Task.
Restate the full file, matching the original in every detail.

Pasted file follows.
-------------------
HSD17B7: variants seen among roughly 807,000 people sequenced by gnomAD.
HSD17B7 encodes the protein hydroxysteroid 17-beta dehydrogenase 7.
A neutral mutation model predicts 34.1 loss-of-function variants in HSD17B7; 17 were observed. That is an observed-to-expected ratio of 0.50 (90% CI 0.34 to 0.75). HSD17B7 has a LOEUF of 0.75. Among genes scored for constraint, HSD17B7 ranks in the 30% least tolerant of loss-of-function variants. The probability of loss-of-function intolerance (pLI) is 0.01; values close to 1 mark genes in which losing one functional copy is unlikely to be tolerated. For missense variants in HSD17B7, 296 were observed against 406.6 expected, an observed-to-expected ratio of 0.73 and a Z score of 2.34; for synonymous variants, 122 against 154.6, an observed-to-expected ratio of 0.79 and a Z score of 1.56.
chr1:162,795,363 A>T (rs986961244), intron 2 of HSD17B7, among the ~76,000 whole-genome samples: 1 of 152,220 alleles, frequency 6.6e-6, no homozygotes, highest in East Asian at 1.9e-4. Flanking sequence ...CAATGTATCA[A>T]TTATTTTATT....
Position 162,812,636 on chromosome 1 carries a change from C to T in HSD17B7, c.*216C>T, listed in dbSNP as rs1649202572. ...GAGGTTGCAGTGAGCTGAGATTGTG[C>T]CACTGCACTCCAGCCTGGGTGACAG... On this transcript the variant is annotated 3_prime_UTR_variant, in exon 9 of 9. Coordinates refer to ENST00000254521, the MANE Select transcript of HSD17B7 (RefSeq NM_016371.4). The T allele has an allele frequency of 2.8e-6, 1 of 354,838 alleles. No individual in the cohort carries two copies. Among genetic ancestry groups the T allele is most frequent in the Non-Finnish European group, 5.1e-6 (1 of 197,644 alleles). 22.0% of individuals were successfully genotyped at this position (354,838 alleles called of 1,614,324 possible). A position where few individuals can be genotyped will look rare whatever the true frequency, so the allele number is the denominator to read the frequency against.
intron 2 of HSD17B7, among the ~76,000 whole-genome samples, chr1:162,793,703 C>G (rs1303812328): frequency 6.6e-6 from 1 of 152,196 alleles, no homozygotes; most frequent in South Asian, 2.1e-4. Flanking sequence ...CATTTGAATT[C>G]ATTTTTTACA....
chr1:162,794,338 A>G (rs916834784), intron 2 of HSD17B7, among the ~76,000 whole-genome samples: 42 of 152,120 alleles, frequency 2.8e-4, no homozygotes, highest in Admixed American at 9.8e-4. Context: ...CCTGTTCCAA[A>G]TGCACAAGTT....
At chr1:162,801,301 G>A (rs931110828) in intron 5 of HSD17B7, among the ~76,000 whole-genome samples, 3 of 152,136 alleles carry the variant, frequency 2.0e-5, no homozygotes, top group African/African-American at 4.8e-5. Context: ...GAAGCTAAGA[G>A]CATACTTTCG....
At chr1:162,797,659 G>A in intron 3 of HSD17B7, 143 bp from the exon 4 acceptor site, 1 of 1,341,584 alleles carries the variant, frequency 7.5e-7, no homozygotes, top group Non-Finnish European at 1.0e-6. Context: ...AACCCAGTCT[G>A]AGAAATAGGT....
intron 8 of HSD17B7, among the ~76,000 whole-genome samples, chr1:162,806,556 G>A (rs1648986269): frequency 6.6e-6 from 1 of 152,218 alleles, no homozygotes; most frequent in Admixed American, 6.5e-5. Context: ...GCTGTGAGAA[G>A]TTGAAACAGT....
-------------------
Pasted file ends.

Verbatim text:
HSD17B7: variants seen among roughly 807,000 people sequenced by gnomAD.
HSD17B7 encodes the protein hydroxysteroid 17-beta dehydrogenase 7.
A neutral mutation model predicts 34.1 loss-of-function variants in HSD17B7; 17 were observed. That is an observed-to-expected ratio of 0.50 (90% CI 0.34 to 0.75). HSD17B7 has a LOEUF of 0.75. Among genes scored for constraint, HSD17B7 ranks in the 30% least tolerant of loss-of-function variants. The probability of loss-of-function intolerance (pLI) is 0.01; values close to 1 mark genes in which losing one functional copy is unlikely to be tolerated. For missense variants in HSD17B7, 296 were observed against 406.6 expected, an observed-to-expected ratio of 0.73 and a Z score of 2.34; for synonymous variants, 122 against 154.6, an observed-to-expected ratio of 0.79 and a Z score of 1.56.
chr1:162,795,363 A>T (rs986961244), intron 2 of HSD17B7, among the ~76,000 whole-genome samples: 1 of 152,220 alleles, frequency 6.6e-6, no homozygotes, highest in East Asian at 1.9e-4. Flanking sequence ...CAATGTATCA[A>T]TTATTTTATT....
Position 162,812,636 on chromosome 1 carries a change from C to T in HSD17B7, c.*216C>T, listed in dbSNP as rs1649202572. ...GAGGTTGCAGTGAGCTGAGATTGTG[C>T]CACTGCACTCCAGCCTGGGTGACAG... On this transcript the variant is annotated 3_prime_UTR_variant, in exon 9 of 9. Coordinates refer to ENST00000254521, the MANE Select transcript of HSD17B7 (RefSeq NM_016371.4). The T allele has an allele frequency of 2.8e-6, 1 of 354,838 alleles. No individual in the cohort carries two copies. Among genetic ancestry groups the T allele is most frequent in the Non-Finnish European group, 5.1e-6 (1 of 197,644 alleles). 22.0% of individuals were successfully genotyped at this position (354,838 alleles called of 1,614,324 possible). A position where few individuals can be genotyped will look rare whatever the true frequency, so the allele number is the denominator to read the frequency against.
intron 2 of HSD17B7, among the ~76,000 whole-genome samples, chr1:162,793,703 C>G (rs1303812328): frequency 6.6e-6 from 1 of 152,196 alleles, no homozygotes; most frequent in South Asian, 2.1e-4. Flanking sequence ...CATTTGAATT[C>G]ATTTTTTACA....
chr1:162,794,338 A>G (rs916834784), intron 2 of HSD17B7, among the ~76,000 whole-genome samples: 42 of 152,120 alleles, frequency 2.8e-4, no homozygotes, highest in Admixed American at 9.8e-4. Context: ...CCTGTTCCAA[A>G]TGCACAAGTT....
At chr1:162,801,301 G>A (rs931110828) in intron 5 of HSD17B7, among the ~76,000 whole-genome samples, 3 of 152,136 alleles carry the variant, frequency 2.0e-5, no homozygotes, top group African/African-American at 4.8e-5. Context: ...GAAGCTAAGA[G>A]CATACTTTCG....
At chr1:162,797,659 G>A in intron 3 of HSD17B7, 143 bp from the exon 4 acceptor site, 1 of 1,341,584 alleles carries the variant, frequency 7.5e-7, no homozygotes, top group Non-Finnish European at 1.0e-6. Context: ...AACCCAGTCT[G>A]AGAAATAGGT....
intron 8 of HSD17B7, among the ~76,000 whole-genome samples, chr1:162,806,556 G>A (rs1648986269): frequency 6.6e-6 from 1 of 152,218 alleles, no homozygotes; most frequent in Admixed American, 6.5e-5. Context: ...GCTGTGAGAA[G>A]TTGAAACAGT....